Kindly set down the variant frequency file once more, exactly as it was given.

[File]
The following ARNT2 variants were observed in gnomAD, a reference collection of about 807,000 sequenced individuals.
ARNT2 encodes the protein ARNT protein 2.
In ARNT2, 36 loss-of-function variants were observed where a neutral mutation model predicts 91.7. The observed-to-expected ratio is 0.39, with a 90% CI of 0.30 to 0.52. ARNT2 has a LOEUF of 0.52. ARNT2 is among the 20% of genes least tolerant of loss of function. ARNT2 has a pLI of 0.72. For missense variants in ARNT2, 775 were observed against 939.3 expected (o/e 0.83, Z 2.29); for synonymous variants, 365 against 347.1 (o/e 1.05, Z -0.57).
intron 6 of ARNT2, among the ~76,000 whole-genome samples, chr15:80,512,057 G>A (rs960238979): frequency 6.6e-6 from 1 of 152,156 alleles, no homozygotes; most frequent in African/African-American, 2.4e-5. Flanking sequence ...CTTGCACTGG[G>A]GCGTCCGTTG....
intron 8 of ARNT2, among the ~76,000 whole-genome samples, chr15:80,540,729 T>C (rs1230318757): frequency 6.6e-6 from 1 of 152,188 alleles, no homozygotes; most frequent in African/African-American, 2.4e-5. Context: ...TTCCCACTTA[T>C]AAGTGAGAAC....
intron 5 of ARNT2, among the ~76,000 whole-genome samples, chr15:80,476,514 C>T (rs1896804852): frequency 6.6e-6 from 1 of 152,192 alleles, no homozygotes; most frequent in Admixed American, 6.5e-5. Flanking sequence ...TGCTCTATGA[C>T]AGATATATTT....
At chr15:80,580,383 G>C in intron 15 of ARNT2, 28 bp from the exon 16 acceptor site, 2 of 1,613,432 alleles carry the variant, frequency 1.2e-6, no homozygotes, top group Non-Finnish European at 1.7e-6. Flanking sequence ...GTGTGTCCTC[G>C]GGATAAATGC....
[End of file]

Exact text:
The following ARNT2 variants were observed in gnomAD, a reference collection of about 807,000 sequenced individuals.
ARNT2 encodes the protein ARNT protein 2.
In ARNT2, 36 loss-of-function variants were observed where a neutral mutation model predicts 91.7. The observed-to-expected ratio is 0.39, with a 90% CI of 0.30 to 0.52. ARNT2 has a LOEUF of 0.52. ARNT2 is among the 20% of genes least tolerant of loss of function. ARNT2 has a pLI of 0.72. For missense variants in ARNT2, 775 were observed against 939.3 expected (o/e 0.83, Z 2.29); for synonymous variants, 365 against 347.1 (o/e 1.05, Z -0.57).
intron 6 of ARNT2, among the ~76,000 whole-genome samples, chr15:80,512,057 G>A (rs960238979): frequency 6.6e-6 from 1 of 152,156 alleles, no homozygotes; most frequent in African/African-American, 2.4e-5. Flanking sequence ...CTTGCACTGG[G>A]GCGTCCGTTG....
intron 8 of ARNT2, among the ~76,000 whole-genome samples, chr15:80,540,729 T>C (rs1230318757): frequency 6.6e-6 from 1 of 152,188 alleles, no homozygotes; most frequent in African/African-American, 2.4e-5. Context: ...TTCCCACTTA[T>C]AAGTGAGAAC....
intron 5 of ARNT2, among the ~76,000 whole-genome samples, chr15:80,476,514 C>T (rs1896804852): frequency 6.6e-6 from 1 of 152,192 alleles, no homozygotes; most frequent in Admixed American, 6.5e-5. Flanking sequence ...TGCTCTATGA[C>T]AGATATATTT....
At chr15:80,580,383 G>C in intron 15 of ARNT2, 28 bp from the exon 16 acceptor site, 2 of 1,613,432 alleles carry the variant, frequency 1.2e-6, no homozygotes, top group Non-Finnish European at 1.7e-6. Flanking sequence ...GTGTGTCCTC[G>C]GGATAAATGC....